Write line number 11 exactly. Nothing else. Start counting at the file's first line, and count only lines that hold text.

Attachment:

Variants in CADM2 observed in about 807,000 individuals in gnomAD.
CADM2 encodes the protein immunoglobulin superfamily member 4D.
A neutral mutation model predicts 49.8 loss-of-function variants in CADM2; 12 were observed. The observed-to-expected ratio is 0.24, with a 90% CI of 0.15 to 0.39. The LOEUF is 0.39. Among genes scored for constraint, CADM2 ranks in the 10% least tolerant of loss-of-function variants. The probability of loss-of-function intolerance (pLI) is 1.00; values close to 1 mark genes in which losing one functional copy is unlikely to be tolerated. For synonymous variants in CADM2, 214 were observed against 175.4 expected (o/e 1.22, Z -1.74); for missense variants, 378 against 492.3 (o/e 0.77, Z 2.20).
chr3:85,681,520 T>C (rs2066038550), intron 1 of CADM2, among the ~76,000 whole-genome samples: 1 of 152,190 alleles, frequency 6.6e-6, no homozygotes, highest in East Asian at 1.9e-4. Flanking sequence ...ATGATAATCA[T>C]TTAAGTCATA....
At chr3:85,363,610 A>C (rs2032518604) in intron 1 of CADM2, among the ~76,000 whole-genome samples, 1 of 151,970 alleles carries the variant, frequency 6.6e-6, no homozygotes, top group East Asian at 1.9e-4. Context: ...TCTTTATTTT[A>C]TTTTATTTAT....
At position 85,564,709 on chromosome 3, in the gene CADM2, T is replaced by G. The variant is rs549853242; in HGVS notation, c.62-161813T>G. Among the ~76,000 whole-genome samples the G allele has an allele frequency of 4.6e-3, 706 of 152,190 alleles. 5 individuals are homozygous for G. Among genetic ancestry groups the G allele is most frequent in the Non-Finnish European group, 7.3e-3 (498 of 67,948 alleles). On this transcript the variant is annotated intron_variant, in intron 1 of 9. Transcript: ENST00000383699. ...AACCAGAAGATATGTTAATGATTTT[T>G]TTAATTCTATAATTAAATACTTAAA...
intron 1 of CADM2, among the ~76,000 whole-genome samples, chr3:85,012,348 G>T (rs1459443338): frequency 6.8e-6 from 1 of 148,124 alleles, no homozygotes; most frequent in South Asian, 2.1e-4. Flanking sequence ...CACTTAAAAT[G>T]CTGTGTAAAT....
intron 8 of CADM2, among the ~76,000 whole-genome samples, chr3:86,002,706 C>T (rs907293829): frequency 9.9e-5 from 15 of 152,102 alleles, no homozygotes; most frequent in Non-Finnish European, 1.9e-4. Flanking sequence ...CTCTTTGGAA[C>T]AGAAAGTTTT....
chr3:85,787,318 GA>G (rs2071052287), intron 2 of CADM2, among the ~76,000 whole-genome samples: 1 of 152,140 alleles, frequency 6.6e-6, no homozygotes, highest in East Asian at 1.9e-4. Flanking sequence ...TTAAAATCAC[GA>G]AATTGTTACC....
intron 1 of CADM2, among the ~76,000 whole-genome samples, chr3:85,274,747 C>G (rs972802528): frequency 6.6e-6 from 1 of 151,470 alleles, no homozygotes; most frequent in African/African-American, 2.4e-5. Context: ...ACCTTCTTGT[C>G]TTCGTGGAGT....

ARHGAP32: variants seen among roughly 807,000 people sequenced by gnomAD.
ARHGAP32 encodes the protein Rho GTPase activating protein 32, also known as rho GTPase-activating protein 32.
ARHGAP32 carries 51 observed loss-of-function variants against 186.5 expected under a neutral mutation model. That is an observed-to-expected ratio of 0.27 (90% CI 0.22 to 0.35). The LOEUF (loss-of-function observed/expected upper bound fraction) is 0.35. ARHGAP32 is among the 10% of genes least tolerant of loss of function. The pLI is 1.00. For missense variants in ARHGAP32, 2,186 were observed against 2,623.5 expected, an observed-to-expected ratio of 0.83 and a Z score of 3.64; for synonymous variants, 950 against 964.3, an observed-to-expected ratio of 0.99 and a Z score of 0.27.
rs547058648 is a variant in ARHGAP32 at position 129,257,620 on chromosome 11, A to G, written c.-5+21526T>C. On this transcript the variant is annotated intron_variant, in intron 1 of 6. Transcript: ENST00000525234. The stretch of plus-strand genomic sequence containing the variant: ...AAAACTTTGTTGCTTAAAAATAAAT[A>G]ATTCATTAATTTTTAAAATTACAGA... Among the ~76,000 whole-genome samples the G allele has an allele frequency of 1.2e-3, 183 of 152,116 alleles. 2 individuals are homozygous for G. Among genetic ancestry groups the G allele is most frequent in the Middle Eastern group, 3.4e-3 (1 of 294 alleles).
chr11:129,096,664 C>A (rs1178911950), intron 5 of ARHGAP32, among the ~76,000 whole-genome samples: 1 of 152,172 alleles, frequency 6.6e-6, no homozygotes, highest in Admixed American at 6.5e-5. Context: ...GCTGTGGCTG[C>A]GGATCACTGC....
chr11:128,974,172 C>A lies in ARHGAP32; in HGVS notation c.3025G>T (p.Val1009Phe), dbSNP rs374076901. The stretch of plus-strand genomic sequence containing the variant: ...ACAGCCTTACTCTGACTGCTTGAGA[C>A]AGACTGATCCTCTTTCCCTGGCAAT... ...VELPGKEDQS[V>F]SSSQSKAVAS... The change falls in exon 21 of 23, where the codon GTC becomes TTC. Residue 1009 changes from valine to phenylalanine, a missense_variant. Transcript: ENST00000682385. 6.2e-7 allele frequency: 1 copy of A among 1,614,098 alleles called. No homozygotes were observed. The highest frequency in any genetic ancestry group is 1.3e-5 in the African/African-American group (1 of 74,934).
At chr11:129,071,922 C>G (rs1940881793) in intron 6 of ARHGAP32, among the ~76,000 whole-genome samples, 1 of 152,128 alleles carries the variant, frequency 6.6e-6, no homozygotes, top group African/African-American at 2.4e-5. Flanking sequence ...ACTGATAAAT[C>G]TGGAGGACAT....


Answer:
ARHGAP32: variants seen among roughly 807,000 people sequenced by gnomAD.